Tuesday, November 3, 2015
Wikipedia: Do all the work but get none of the credit
Today we rely on electronic technology and other forms of social media like Facebook and Twitter to a far greater extent than ever before, especially within all levels of academia whether it be for middle school book reports or dissertations for doctorate degrees.
Similarly, whether it be for that book report or that dissertation, one of the first places we will consult for information or aid in our research process is the Internet, more specifically a quick Google search which will almost certainly present us with a rather lengthy yet very informative Wikipedia page undoubtedly linked to dozens of other Wikipedia pages all relating to our desired topic.
When people are confronted with a question they don’t know the answer to they will often say something along the lines of, “Well, I have no idea, but Google knows.” Well, the same sentiment can be said for Wikipedia. You will be hard-pressed to have a search or query in which Wikipedia can be of no help to you. Of course none of this should be a surprise to the informed Wikipedia user who would be well aware of Wikipedia’s extensive global reach which comprises more than 24 million articles written in 284 languages and is free to virtually anyone with Internet access (wikimediafoundation.org, 2015).
It is remarkable for a website like Wikipedia to be so widely utilized and appreciated and yet so distrusted within the academic community at the same time. Despite the distrust though, attitudes of teachers and professors
It is understandable that using Wikipedia must be done with a sense of skepticism since its content is primarily user generated content. It allows anyone located anywhere the opportunity to contribute to a page regardless of qualifications. Because of this, there is no guarantee regarding the validity or factual legitimacy of what is posted, hence a justified sense of skepticism is warranted.
Gripes about Wikipedia’s content accuracy aside, Wikipedia is not much different from many of the news sources and outlets that we deem to be “credible” and “trustworthy. “ For example, Wikipedia has a common goal of trying to make material in the Wikimedia projects broadly accessible to all. They strive to impact the largest-possible number of readers and contributors as easily as possible, and to eliminate barriers that could preclude people from accessing or contributing to our projects, such as poor usability and accessibility, lack of language support, and limited access to technology (wikimediafoundation.org, 2015).
Additionally, they strive to adhere to many of the core values of journalismwe have referenced in class including transparency, independence, and others. In terms of overall goal and organizational values Wikipedia is largely the same as your “traditional trustworthy news source.”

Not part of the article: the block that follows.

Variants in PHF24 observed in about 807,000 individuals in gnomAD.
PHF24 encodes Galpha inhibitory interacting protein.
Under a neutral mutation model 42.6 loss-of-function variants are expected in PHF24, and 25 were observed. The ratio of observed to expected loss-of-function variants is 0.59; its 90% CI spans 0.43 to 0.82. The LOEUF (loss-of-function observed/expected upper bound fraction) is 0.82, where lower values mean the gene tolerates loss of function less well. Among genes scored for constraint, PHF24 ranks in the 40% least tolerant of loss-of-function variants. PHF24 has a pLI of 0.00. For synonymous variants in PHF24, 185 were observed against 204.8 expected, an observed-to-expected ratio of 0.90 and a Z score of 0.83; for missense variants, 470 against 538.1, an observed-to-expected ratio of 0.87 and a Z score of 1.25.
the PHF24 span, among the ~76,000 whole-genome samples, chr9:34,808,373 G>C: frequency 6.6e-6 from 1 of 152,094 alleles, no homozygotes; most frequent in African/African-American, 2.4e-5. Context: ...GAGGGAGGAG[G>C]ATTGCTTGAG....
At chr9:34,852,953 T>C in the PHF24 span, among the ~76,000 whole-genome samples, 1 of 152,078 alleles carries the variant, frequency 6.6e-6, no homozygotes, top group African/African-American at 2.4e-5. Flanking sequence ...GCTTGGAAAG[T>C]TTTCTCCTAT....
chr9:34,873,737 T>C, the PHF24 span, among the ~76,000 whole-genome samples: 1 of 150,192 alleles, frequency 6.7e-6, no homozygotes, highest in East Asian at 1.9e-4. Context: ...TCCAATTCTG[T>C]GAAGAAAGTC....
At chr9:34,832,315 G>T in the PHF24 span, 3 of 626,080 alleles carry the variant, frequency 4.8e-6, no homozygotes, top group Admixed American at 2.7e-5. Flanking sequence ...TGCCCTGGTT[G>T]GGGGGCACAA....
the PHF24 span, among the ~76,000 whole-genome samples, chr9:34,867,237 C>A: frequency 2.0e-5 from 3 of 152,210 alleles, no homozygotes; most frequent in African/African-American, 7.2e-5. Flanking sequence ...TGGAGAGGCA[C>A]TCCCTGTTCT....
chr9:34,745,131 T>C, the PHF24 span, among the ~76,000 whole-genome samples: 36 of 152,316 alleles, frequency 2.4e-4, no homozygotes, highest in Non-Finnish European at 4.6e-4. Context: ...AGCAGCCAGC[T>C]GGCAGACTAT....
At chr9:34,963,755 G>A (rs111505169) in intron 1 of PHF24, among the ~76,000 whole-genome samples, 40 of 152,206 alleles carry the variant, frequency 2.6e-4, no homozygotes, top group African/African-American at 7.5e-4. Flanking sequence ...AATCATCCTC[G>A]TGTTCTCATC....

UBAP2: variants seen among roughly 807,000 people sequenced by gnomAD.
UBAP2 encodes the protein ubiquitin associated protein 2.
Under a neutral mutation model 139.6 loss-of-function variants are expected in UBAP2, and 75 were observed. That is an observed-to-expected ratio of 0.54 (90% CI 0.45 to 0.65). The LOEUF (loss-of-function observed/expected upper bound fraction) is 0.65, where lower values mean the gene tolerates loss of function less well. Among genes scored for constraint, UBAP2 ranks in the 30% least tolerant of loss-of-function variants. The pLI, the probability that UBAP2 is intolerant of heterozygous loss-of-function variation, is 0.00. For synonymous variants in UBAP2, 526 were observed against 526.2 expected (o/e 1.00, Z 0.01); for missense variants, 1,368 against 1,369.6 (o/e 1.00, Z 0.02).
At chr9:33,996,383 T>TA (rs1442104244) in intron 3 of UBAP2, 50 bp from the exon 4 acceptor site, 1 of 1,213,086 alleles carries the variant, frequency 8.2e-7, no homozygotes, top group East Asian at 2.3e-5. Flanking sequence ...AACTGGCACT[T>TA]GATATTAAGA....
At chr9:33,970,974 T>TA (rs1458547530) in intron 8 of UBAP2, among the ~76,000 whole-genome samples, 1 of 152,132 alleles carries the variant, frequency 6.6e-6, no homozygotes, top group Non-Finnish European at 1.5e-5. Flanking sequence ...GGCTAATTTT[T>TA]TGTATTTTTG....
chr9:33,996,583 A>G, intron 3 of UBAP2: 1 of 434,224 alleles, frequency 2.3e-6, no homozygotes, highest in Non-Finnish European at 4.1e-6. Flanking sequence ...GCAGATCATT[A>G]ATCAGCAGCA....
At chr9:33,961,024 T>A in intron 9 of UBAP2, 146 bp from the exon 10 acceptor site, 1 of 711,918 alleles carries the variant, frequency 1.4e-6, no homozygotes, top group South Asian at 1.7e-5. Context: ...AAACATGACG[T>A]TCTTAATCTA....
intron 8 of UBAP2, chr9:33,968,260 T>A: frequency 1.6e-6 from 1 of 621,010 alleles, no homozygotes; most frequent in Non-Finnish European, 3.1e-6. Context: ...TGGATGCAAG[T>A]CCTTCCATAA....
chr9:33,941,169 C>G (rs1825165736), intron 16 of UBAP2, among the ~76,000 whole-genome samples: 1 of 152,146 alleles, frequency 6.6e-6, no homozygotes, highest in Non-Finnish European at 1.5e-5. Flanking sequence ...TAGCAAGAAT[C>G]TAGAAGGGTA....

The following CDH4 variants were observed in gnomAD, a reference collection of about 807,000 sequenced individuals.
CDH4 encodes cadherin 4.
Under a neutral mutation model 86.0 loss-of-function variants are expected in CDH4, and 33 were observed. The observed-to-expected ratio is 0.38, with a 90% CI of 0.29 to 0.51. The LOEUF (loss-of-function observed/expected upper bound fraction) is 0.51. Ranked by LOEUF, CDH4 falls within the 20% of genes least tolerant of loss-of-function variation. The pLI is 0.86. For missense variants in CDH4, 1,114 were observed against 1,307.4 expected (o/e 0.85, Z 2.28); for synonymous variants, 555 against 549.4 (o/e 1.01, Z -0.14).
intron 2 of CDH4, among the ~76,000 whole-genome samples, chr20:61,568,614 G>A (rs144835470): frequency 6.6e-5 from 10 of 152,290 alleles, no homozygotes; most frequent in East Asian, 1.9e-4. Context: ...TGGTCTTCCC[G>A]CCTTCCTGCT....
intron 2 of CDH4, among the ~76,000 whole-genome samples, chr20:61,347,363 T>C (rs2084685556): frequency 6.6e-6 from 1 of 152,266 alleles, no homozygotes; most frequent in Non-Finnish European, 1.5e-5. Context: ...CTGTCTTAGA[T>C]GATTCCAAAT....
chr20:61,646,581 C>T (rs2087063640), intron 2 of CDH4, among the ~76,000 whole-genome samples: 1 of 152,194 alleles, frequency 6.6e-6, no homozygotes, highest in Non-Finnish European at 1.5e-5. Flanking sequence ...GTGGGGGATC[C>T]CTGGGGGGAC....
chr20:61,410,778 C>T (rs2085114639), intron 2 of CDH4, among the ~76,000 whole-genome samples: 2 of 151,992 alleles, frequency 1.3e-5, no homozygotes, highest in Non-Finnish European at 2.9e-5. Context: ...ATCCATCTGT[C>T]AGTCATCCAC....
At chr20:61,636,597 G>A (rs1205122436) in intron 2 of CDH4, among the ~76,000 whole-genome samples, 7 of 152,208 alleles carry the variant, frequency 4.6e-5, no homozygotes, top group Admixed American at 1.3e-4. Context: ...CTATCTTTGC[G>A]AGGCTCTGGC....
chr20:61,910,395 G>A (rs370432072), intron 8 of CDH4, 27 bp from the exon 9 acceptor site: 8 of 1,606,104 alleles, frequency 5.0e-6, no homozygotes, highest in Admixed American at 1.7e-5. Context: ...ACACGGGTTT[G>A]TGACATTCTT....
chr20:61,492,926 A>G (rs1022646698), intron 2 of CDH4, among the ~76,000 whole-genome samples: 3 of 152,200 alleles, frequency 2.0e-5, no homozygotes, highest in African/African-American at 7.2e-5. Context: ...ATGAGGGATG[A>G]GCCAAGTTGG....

With this in mind, the lone question I have is, Why not take the next step and try to verify and validate the information post on the site? Why not try to fix their biggest problem area, which is their perceived lack of truthfulness and credibility.
As anyone who has ever written a paper will tell you, much of the information and evidence they use originated in a Wikipedia article. But, since Wikipedia is not a “citable source” you have to go find the exact same information in a “reputable source” like a book, scholarly journal, or library database. At the end of the day, the evidence that is used in the paper is identical to that of the Wikipedia article, but it contains a “reputable” citation, whatever that means.
The adage goes, “If it ain’t broke, don’t fix it.” Wikipedia certainly isn’t broke it has been flourishing and growing strong since its creation in 2001 and Wikimedia has created dozens of other projects within the last decade and a half. Some may argue Wikipedia and other Wikimedia projects are as strong as it has ever been. However, what is the point of doing all the work if you get no true credit? What is the point of writing millions upon millions of Wikipedia pages that can never be credited or cited in scholarly work even though it may display accurate information? As the writer or author of this content published to Wikipedia, you never get to enjoy the fruits of your labor. You and only you know the work, effort, and time that went into crafting that Wikipedia page.
Wikipedia displays a wealth of information over a plethora of topics, much of it is accurate, but unfortunately some of it is not because of Wikipedia’s commitment to the value of freedom and open source. This commitment will prevent it from ever being viewed as a “reputable source” worthy of academic citation. I would like to see Wikipedia take the appropriate step to verify the factual validity and accuracy of the content it publishes. Eliminate the only reason the public has for not viewing Wikipedia as a legitimate source for research. Students everywhere use Wikipedia in their research anyway, save them the extra step of having to rediscover the same information in a “scholarly source” by not allowing your average Joe to publish anything he or she wants on a Wikipedia page. Instead, try to vet and verify the factual validity and accuracy of the content they publish.